Pregnancy is an incredible, life-changing experience. It also carries with it a long list of do’s and don’ts. Many of these are common knowledge: we all know that smoking and drinking are ill-advised during pregnancy, for example – but where does diving fit in? Research on the subject is limited, due in large part to the fact that it is unethical to conduct potentially dangerous experiments on expectant mothers. In this article, we take a look at a few of the theoretical risks for Mom and baby, and the evidence that exists to support them.
The Potential Risk to the Baby
Scientists and medical professionals have two main concerns about the effects of scuba diving on an unborn fetus. The first is connected to a fetus’ exposure to hyperbaric oxygen or oxygen that has been concentrated by pressure. It is thought that this kind of exposure has the potential to alter the signals that tell fetal tissues when and how to develop, potentially resulting in a change in how those signals are interpreted. Depending on the stage at which the exposure occurs, this could lead to a range of different issues – including abnormal development of the skull, heart or limbs; limb weakness; premature delivery or even miscarriage.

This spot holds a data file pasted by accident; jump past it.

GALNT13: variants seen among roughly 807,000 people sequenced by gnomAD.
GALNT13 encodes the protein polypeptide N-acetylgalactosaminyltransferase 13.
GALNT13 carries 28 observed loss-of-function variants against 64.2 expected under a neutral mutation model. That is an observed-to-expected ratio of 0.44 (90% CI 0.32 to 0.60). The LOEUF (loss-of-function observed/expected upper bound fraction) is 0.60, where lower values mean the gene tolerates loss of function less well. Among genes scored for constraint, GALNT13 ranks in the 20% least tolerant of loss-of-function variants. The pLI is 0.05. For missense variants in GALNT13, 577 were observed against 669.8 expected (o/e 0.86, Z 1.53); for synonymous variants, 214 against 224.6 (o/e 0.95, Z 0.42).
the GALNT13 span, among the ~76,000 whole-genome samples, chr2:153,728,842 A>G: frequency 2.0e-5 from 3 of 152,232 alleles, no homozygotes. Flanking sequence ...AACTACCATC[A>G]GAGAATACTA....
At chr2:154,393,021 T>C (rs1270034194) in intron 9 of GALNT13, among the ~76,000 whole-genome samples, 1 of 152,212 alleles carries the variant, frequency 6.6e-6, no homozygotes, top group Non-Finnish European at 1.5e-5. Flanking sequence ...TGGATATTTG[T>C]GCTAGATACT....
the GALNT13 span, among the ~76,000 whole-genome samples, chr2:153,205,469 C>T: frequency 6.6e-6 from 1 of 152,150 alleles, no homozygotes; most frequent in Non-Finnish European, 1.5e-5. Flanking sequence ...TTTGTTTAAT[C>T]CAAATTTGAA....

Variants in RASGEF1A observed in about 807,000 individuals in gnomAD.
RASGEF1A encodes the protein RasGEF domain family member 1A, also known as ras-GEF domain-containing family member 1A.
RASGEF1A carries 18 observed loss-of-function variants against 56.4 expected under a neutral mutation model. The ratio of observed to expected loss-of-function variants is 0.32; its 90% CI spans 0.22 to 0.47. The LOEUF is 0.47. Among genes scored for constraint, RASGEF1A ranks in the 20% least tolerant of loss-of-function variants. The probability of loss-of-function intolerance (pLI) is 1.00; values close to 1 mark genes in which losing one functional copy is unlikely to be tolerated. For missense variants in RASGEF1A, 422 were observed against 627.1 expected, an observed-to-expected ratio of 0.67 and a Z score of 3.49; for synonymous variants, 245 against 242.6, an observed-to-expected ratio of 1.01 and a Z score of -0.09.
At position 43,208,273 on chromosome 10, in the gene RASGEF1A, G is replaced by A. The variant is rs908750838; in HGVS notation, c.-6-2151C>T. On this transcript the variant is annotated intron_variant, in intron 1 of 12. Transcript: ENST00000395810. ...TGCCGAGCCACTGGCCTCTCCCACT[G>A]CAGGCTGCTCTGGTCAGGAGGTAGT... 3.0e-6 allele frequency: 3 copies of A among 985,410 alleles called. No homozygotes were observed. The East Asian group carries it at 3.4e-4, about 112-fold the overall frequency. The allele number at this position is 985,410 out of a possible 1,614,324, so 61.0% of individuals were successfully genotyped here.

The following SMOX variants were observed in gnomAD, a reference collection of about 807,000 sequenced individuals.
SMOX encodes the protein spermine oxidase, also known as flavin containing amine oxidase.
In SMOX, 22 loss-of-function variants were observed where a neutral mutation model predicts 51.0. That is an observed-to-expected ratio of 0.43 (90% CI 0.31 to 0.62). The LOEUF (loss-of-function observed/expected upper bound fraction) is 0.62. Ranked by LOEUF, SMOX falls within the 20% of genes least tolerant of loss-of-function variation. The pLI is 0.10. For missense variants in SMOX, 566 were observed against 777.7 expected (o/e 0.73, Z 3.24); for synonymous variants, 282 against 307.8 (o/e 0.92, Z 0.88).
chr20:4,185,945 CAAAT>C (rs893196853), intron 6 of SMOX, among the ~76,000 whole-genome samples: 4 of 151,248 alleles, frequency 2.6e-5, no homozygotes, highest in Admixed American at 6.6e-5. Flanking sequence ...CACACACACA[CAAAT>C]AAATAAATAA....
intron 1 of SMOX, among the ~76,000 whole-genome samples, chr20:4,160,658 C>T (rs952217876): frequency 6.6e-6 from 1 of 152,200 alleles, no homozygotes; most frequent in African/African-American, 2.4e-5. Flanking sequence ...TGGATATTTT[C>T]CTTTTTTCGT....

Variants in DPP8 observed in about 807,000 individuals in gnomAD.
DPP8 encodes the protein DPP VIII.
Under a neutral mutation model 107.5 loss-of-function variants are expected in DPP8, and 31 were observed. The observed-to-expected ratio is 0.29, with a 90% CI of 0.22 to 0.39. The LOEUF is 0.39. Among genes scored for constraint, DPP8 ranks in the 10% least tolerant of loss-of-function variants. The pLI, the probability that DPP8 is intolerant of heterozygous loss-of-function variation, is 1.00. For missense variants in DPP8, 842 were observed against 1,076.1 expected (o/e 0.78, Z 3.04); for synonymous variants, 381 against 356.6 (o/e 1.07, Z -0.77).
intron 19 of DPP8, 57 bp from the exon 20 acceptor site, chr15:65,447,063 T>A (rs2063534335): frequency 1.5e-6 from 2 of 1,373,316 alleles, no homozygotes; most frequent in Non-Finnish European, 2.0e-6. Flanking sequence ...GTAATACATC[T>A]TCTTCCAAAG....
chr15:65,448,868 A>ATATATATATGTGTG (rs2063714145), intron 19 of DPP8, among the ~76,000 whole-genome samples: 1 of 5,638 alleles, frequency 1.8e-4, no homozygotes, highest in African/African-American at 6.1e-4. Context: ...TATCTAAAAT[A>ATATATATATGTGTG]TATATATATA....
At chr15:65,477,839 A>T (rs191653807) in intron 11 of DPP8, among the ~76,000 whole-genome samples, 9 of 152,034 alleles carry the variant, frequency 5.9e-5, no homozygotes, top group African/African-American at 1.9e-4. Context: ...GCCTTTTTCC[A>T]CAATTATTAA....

For this reason, the effects of hyperbaric oxygen exposure would likely be most severe in the first trimester, when the most important developmental changes occur.
The second concern is connected with decompression illness (DCI), which has the potential to affect the fetus throughout pregnancy but is likely to be most dangerous during the third trimester. Foetuses are thought to be at risk of developing DCI even if the mother remains within no-decompression limits. Sometimes, “silent bubbles” form in the bloodstream during a dive. These are safely filtered out by the mother’s lungs; however, fetal blood circulation bypasses the lungs, with gas exchange occurring via the placenta instead. The bubbles remain in the fetus’ system, therefore…